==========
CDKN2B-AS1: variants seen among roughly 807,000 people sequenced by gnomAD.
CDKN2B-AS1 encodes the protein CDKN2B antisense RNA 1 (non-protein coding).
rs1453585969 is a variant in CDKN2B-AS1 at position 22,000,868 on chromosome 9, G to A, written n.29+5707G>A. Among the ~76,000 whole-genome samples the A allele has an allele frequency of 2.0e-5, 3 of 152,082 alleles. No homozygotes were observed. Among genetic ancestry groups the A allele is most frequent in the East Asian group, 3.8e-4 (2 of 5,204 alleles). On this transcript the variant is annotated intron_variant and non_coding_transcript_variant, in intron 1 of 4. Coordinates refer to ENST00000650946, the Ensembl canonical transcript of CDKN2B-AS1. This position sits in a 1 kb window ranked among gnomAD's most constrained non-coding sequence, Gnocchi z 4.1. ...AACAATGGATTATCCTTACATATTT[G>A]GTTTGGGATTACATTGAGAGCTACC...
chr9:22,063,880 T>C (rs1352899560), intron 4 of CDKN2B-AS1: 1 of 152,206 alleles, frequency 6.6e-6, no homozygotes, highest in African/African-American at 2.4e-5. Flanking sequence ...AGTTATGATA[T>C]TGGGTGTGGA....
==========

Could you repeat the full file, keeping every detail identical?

CDKN2B-AS1: variants seen among roughly 807,000 people sequenced by gnomAD.
CDKN2B-AS1 encodes the protein CDKN2B antisense RNA 1 (non-protein coding).
rs1453585969 is a variant in CDKN2B-AS1 at position 22,000,868 on chromosome 9, G to A, written n.29+5707G>A. Among the ~76,000 whole-genome samples the A allele has an allele frequency of 2.0e-5, 3 of 152,082 alleles. No homozygotes were observed. Among genetic ancestry groups the A allele is most frequent in the East Asian group, 3.8e-4 (2 of 5,204 alleles). On this transcript the variant is annotated intron_variant and non_coding_transcript_variant, in intron 1 of 4. Coordinates refer to ENST00000650946, the Ensembl canonical transcript of CDKN2B-AS1. This position sits in a 1 kb window ranked among gnomAD's most constrained non-coding sequence, Gnocchi z 4.1. ...AACAATGGATTATCCTTACATATTT[G>A]GTTTGGGATTACATTGAGAGCTACC...
chr9:22,063,880 T>C (rs1352899560), intron 4 of CDKN2B-AS1: 1 of 152,206 alleles, frequency 6.6e-6, no homozygotes, highest in African/African-American at 2.4e-5. Flanking sequence ...AGTTATGATA[T>C]TGGGTGTGGA....